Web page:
If imitation is the sincerest form of flattery, a Texas program that provides grants to protect or improve wildlife habitat on private land is about to get a big dose of federal flattery, with more than $1.4 million coming to Texas.

In 1997, the Texas Parks and Wildlife Department started the first government program in the nation that provided grants to private landowners to improve or protect habitat for threatened or endangered species. The idea was to encourage landowners to do the right thing voluntarily through incentives instead of coercive regulations.

When George W. Bush left the Texas Governor's Mansion for the White House, he took the idea with him, and the new federal LIP is the result.

The Texas program started with an annual budget of $100,000. This spring, the federal government is offering $34.8 million in grants through a new national program called, not coincidentally, the Landowner Incentive Program, modeled after the Texas effort.

TPWD will receive more than $1.4 million in federal LIP funding to be awarded to landowners during the next two years. Texas will match the federal grants with as much as $100,000 in state funds and more than $350,000 in private landowner funds.

In Texas, state LIP dollars have already restored dwindling native short-grass prairie in the Panhandle, protected rare plants in a “hanging” bog, restored longleaf pine forests in East Texas, enhanced spring flows and improved nesting habitat for rare songbirds near Uvalde, and restored hardwood bottomlands along the Trinity River.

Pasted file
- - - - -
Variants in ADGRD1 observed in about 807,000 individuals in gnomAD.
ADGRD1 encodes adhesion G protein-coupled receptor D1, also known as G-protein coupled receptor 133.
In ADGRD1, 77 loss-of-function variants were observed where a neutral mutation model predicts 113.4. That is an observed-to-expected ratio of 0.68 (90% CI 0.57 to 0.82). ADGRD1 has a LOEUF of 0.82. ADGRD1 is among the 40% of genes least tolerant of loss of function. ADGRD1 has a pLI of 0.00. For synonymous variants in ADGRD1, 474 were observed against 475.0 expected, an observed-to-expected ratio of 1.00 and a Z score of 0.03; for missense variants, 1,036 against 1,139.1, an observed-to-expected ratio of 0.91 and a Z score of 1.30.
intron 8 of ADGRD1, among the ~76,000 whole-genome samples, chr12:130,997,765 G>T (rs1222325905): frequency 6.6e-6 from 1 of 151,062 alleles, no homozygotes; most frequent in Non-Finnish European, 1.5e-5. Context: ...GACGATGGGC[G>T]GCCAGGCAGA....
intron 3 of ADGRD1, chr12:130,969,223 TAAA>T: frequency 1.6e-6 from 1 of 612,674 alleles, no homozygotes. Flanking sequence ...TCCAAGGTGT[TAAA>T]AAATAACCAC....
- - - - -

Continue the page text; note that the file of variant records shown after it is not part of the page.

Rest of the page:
The focus is on habitat that supports many species. This means a LIP grant that restores Panhandle prairie will help not only the rare lesser prairie chicken and swift fox, but could also improve pheasant or quail hunting.

“The bigger idea is that we're going to have more wildlife habitat and a healthier natural environment for our kids and our grandkids because of programs like LIP,” said Mike Berger, TPWD private lands branch chief.

“If we can help private landowners take conservation action that improves habitat, and their neighbors see this and the idea spreads, that could have a big impact beyond what we're able to do on our limited public lands.”

Approximately 95 percent of the Texas landscape is privately owned.

Last year, the program budget was $725,000, and the program dispersed about 32 grants. Most Texas projects are getting results.

Just east of Canadian in the Panhandle, the Arrington family is working to enhance about 1,200 acres of prairie on their 5,400-acre ranch, restoring upland prairie springs and riparian (wet) zones such as cottonwood bottoms along the Washita River. They are also removing undesirable exotic plant species such as salt cedar and Russian olive from river bottomlands.

“They've fenced 3.5 miles of the Washita River on both sides and it's rejuvenating really well, coming back quick, with lots of wildlife, lots of water, and greening up,” said Robert Sullivan, former TPWD wildlife diversity biologist in Canyon. “That riparian corridor is the artery of biodiversity. It's the permanent water source for much of the area.